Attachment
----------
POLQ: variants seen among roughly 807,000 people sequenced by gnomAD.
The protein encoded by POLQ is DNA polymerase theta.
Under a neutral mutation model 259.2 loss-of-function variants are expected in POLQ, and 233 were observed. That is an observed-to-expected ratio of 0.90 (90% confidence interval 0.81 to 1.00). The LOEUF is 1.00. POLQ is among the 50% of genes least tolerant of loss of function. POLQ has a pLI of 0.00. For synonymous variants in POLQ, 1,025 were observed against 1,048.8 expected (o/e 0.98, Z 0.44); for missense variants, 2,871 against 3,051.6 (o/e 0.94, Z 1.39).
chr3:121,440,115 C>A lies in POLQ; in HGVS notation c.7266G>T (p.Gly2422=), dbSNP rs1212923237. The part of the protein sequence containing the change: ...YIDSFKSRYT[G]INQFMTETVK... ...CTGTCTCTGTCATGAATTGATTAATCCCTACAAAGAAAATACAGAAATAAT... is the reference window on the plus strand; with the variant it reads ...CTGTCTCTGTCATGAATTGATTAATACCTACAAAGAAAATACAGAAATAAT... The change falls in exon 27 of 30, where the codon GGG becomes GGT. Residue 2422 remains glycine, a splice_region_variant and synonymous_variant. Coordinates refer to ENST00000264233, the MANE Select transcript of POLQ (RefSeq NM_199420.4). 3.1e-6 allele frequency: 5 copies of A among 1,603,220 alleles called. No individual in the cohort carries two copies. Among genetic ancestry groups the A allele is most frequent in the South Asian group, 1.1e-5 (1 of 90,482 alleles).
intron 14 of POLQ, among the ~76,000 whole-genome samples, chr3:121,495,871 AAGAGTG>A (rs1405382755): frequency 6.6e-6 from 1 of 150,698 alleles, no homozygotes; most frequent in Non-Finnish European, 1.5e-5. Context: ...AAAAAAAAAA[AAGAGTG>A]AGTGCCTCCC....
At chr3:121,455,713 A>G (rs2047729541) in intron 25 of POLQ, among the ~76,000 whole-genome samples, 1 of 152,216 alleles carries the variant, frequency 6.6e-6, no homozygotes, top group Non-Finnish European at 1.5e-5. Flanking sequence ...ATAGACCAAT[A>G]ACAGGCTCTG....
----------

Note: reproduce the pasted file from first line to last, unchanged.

POLQ: variants seen among roughly 807,000 people sequenced by gnomAD.
The protein encoded by POLQ is DNA polymerase theta.
Under a neutral mutation model 259.2 loss-of-function variants are expected in POLQ, and 233 were observed. That is an observed-to-expected ratio of 0.90 (90% confidence interval 0.81 to 1.00). The LOEUF is 1.00. POLQ is among the 50% of genes least tolerant of loss of function. POLQ has a pLI of 0.00. For synonymous variants in POLQ, 1,025 were observed against 1,048.8 expected (o/e 0.98, Z 0.44); for missense variants, 2,871 against 3,051.6 (o/e 0.94, Z 1.39).
chr3:121,440,115 C>A lies in POLQ; in HGVS notation c.7266G>T (p.Gly2422=), dbSNP rs1212923237. The part of the protein sequence containing the change: ...YIDSFKSRYT[G]INQFMTETVK... ...CTGTCTCTGTCATGAATTGATTAATCCCTACAAAGAAAATACAGAAATAAT... is the reference window on the plus strand; with the variant it reads ...CTGTCTCTGTCATGAATTGATTAATACCTACAAAGAAAATACAGAAATAAT... The change falls in exon 27 of 30, where the codon GGG becomes GGT. Residue 2422 remains glycine, a splice_region_variant and synonymous_variant. Coordinates refer to ENST00000264233, the MANE Select transcript of POLQ (RefSeq NM_199420.4). 3.1e-6 allele frequency: 5 copies of A among 1,603,220 alleles called. No individual in the cohort carries two copies. Among genetic ancestry groups the A allele is most frequent in the South Asian group, 1.1e-5 (1 of 90,482 alleles).
intron 14 of POLQ, among the ~76,000 whole-genome samples, chr3:121,495,871 AAGAGTG>A (rs1405382755): frequency 6.6e-6 from 1 of 150,698 alleles, no homozygotes; most frequent in Non-Finnish European, 1.5e-5. Context: ...AAAAAAAAAA[AAGAGTG>A]AGTGCCTCCC....
At chr3:121,455,713 A>G (rs2047729541) in intron 25 of POLQ, among the ~76,000 whole-genome samples, 1 of 152,216 alleles carries the variant, frequency 6.6e-6, no homozygotes, top group Non-Finnish European at 1.5e-5. Flanking sequence ...ATAGACCAAT[A>G]ACAGGCTCTG....